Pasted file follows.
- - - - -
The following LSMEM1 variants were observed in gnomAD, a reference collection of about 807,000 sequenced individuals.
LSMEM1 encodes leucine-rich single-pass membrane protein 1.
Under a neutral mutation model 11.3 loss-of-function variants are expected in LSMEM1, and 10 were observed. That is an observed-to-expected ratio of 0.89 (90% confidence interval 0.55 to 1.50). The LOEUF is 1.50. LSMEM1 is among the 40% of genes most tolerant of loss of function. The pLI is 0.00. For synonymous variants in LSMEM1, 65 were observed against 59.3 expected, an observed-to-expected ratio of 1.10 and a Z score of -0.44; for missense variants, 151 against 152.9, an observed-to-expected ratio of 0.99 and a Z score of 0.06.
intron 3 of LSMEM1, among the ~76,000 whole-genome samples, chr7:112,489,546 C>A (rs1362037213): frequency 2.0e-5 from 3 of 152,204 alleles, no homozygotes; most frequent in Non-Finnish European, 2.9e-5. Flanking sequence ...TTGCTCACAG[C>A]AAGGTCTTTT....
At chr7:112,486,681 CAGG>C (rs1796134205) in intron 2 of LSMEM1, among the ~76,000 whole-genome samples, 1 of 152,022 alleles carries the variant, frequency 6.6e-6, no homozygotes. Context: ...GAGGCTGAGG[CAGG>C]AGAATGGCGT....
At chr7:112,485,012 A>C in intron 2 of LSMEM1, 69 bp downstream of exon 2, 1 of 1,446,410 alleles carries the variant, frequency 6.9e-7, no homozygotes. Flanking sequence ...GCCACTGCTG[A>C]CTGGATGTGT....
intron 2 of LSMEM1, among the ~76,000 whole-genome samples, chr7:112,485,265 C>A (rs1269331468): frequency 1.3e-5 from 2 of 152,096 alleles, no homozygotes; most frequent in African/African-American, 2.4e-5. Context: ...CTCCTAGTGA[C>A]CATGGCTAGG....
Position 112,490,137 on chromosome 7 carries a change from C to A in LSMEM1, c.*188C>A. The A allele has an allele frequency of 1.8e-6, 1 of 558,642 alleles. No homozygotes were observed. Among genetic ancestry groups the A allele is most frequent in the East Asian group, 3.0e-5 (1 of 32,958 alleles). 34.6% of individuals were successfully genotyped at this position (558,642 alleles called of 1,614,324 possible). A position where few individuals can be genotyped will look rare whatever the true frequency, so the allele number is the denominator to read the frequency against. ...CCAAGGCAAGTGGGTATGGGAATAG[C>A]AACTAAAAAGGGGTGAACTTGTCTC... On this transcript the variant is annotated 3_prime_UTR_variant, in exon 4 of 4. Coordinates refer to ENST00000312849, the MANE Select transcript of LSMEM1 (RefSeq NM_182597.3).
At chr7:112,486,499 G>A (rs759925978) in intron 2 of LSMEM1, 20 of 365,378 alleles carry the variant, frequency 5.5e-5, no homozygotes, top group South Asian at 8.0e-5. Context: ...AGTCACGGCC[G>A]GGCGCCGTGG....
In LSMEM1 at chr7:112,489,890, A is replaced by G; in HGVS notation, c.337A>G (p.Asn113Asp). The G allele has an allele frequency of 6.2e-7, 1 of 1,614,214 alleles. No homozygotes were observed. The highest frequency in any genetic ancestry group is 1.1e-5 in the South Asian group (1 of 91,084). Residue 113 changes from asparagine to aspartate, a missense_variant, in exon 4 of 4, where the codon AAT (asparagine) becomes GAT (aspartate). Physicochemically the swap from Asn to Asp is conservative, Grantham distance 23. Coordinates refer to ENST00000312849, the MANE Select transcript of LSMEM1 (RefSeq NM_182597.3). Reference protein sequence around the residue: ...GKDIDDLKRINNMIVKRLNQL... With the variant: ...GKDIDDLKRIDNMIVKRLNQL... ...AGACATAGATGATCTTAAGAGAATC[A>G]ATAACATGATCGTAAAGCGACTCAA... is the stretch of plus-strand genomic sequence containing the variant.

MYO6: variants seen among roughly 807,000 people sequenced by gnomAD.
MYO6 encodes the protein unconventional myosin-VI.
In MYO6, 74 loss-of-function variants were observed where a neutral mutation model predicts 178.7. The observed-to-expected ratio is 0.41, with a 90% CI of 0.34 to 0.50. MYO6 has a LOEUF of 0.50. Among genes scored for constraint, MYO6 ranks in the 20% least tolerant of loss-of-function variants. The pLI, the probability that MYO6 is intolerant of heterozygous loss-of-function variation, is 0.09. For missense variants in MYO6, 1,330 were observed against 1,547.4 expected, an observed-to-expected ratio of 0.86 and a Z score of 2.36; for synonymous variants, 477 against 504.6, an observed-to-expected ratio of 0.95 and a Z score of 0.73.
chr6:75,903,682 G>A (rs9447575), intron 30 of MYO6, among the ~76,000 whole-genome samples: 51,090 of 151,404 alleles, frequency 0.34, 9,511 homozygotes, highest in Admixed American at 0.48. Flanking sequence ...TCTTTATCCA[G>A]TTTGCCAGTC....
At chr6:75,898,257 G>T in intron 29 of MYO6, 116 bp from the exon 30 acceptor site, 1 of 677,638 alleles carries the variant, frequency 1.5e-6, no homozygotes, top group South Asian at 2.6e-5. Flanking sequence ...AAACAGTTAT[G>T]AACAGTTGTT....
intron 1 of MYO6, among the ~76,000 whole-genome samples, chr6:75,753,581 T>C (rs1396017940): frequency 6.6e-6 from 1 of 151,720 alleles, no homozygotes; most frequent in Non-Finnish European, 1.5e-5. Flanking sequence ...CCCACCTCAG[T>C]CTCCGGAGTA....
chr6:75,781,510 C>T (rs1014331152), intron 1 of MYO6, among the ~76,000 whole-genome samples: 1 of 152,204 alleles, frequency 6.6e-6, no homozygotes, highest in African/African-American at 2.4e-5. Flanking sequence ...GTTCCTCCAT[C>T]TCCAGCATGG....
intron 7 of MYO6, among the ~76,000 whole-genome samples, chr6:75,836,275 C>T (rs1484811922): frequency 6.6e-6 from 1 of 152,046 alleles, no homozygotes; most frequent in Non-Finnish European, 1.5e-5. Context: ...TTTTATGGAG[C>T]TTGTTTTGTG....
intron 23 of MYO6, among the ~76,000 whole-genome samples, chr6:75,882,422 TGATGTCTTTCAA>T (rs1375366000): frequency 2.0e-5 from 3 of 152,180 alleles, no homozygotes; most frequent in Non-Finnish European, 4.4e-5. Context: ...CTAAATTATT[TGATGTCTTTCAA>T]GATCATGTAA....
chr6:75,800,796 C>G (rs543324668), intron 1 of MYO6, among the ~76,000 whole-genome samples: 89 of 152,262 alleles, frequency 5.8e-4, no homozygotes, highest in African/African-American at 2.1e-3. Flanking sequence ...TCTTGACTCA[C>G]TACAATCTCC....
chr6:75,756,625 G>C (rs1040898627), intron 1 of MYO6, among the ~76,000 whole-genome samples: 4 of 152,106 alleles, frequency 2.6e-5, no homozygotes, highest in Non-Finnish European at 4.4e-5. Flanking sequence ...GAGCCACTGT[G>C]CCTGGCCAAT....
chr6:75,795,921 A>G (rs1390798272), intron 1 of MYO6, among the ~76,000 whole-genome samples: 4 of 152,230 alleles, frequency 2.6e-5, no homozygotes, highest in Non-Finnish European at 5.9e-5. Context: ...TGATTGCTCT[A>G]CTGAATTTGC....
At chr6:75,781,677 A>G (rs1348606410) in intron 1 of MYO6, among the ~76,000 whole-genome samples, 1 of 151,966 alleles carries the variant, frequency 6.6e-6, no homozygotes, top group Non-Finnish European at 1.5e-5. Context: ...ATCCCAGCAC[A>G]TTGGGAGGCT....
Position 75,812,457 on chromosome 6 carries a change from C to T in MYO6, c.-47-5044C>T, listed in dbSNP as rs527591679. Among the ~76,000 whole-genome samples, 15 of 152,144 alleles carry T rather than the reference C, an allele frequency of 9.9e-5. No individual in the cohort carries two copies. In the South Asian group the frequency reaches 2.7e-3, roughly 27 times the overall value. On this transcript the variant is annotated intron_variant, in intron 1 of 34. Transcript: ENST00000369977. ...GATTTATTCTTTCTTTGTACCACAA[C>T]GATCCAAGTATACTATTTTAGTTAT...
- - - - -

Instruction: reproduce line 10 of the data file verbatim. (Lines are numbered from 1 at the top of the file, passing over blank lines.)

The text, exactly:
In LSMEM1 at chr7:112,489,890, A is replaced by G; in HGVS notation, c.337A>G (p.Asn113Asp). The G allele has an allele frequency of 6.2e-7, 1 of 1,614,214 alleles. No homozygotes were observed. The highest frequency in any genetic ancestry group is 1.1e-5 in the South Asian group (1 of 91,084). Residue 113 changes from asparagine to aspartate, a missense_variant, in exon 4 of 4, where the codon AAT (asparagine) becomes GAT (aspartate). Physicochemically the swap from Asn to Asp is conservative, Grantham distance 23. Coordinates refer to ENST00000312849, the MANE Select transcript of LSMEM1 (RefSeq NM_182597.3). Reference protein sequence around the residue: ...GKDIDDLKRINNMIVKRLNQL... With the variant: ...GKDIDDLKRIDNMIVKRLNQL... ...AGACATAGATGATCTTAAGAGAATC[A>G]ATAACATGATCGTAAAGCGACTCAA... is the stretch of plus-strand genomic sequence containing the variant.